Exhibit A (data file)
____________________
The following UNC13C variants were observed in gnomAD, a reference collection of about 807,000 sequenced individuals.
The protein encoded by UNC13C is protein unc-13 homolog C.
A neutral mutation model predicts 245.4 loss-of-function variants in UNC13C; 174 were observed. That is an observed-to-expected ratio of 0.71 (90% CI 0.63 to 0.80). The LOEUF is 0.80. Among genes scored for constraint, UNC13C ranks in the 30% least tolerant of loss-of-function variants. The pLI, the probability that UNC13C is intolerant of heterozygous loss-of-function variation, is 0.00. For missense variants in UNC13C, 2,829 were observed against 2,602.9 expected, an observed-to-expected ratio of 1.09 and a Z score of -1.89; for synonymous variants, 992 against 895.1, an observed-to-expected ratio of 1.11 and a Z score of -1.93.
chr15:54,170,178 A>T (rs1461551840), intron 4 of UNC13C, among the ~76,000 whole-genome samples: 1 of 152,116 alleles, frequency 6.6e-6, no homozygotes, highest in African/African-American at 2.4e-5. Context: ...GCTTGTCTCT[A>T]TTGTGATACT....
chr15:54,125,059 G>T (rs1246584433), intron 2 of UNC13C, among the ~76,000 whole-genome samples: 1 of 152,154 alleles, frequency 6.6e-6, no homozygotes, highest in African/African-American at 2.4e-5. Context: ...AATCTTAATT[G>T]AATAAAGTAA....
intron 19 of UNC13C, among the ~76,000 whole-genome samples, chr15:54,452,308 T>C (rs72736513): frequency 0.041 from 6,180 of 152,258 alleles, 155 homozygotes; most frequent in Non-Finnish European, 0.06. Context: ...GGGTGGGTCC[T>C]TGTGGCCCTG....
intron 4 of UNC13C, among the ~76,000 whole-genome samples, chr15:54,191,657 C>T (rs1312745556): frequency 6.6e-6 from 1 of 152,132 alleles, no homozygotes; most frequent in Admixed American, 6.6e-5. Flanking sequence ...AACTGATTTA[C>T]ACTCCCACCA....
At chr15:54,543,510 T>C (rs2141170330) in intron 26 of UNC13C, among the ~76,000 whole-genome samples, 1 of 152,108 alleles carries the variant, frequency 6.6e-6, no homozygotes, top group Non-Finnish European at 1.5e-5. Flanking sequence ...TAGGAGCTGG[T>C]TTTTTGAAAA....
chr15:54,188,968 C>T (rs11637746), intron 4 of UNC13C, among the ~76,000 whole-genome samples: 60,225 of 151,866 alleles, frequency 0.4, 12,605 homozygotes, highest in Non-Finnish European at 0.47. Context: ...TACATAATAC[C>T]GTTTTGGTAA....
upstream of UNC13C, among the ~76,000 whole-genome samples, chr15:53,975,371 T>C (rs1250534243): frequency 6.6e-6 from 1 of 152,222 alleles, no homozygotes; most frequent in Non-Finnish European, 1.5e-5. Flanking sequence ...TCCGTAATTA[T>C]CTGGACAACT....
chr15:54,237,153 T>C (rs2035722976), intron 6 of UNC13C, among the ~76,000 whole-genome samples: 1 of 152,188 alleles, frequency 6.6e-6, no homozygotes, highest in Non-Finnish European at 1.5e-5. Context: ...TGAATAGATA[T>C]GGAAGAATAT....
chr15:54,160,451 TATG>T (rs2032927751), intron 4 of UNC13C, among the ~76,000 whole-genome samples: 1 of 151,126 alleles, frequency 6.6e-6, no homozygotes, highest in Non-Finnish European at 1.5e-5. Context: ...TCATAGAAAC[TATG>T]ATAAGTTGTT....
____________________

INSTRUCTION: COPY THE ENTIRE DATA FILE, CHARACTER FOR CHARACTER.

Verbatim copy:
The following UNC13C variants were observed in gnomAD, a reference collection of about 807,000 sequenced individuals.
The protein encoded by UNC13C is protein unc-13 homolog C.
A neutral mutation model predicts 245.4 loss-of-function variants in UNC13C; 174 were observed. That is an observed-to-expected ratio of 0.71 (90% CI 0.63 to 0.80). The LOEUF is 0.80. Among genes scored for constraint, UNC13C ranks in the 30% least tolerant of loss-of-function variants. The pLI, the probability that UNC13C is intolerant of heterozygous loss-of-function variation, is 0.00. For missense variants in UNC13C, 2,829 were observed against 2,602.9 expected, an observed-to-expected ratio of 1.09 and a Z score of -1.89; for synonymous variants, 992 against 895.1, an observed-to-expected ratio of 1.11 and a Z score of -1.93.
chr15:54,170,178 A>T (rs1461551840), intron 4 of UNC13C, among the ~76,000 whole-genome samples: 1 of 152,116 alleles, frequency 6.6e-6, no homozygotes, highest in African/African-American at 2.4e-5. Context: ...GCTTGTCTCT[A>T]TTGTGATACT....
chr15:54,125,059 G>T (rs1246584433), intron 2 of UNC13C, among the ~76,000 whole-genome samples: 1 of 152,154 alleles, frequency 6.6e-6, no homozygotes, highest in African/African-American at 2.4e-5. Context: ...AATCTTAATT[G>T]AATAAAGTAA....
intron 19 of UNC13C, among the ~76,000 whole-genome samples, chr15:54,452,308 T>C (rs72736513): frequency 0.041 from 6,180 of 152,258 alleles, 155 homozygotes; most frequent in Non-Finnish European, 0.06. Context: ...GGGTGGGTCC[T>C]TGTGGCCCTG....
intron 4 of UNC13C, among the ~76,000 whole-genome samples, chr15:54,191,657 C>T (rs1312745556): frequency 6.6e-6 from 1 of 152,132 alleles, no homozygotes; most frequent in Admixed American, 6.6e-5. Flanking sequence ...AACTGATTTA[C>T]ACTCCCACCA....
At chr15:54,543,510 T>C (rs2141170330) in intron 26 of UNC13C, among the ~76,000 whole-genome samples, 1 of 152,108 alleles carries the variant, frequency 6.6e-6, no homozygotes, top group Non-Finnish European at 1.5e-5. Flanking sequence ...TAGGAGCTGG[T>C]TTTTTGAAAA....
chr15:54,188,968 C>T (rs11637746), intron 4 of UNC13C, among the ~76,000 whole-genome samples: 60,225 of 151,866 alleles, frequency 0.4, 12,605 homozygotes, highest in Non-Finnish European at 0.47. Context: ...TACATAATAC[C>T]GTTTTGGTAA....
upstream of UNC13C, among the ~76,000 whole-genome samples, chr15:53,975,371 T>C (rs1250534243): frequency 6.6e-6 from 1 of 152,222 alleles, no homozygotes; most frequent in Non-Finnish European, 1.5e-5. Flanking sequence ...TCCGTAATTA[T>C]CTGGACAACT....
chr15:54,237,153 T>C (rs2035722976), intron 6 of UNC13C, among the ~76,000 whole-genome samples: 1 of 152,188 alleles, frequency 6.6e-6, no homozygotes, highest in Non-Finnish European at 1.5e-5. Context: ...TGAATAGATA[T>C]GGAAGAATAT....
chr15:54,160,451 TATG>T (rs2032927751), intron 4 of UNC13C, among the ~76,000 whole-genome samples: 1 of 151,126 alleles, frequency 6.6e-6, no homozygotes, highest in Non-Finnish European at 1.5e-5. Context: ...TCATAGAAAC[TATG>T]ATAAGTTGTT....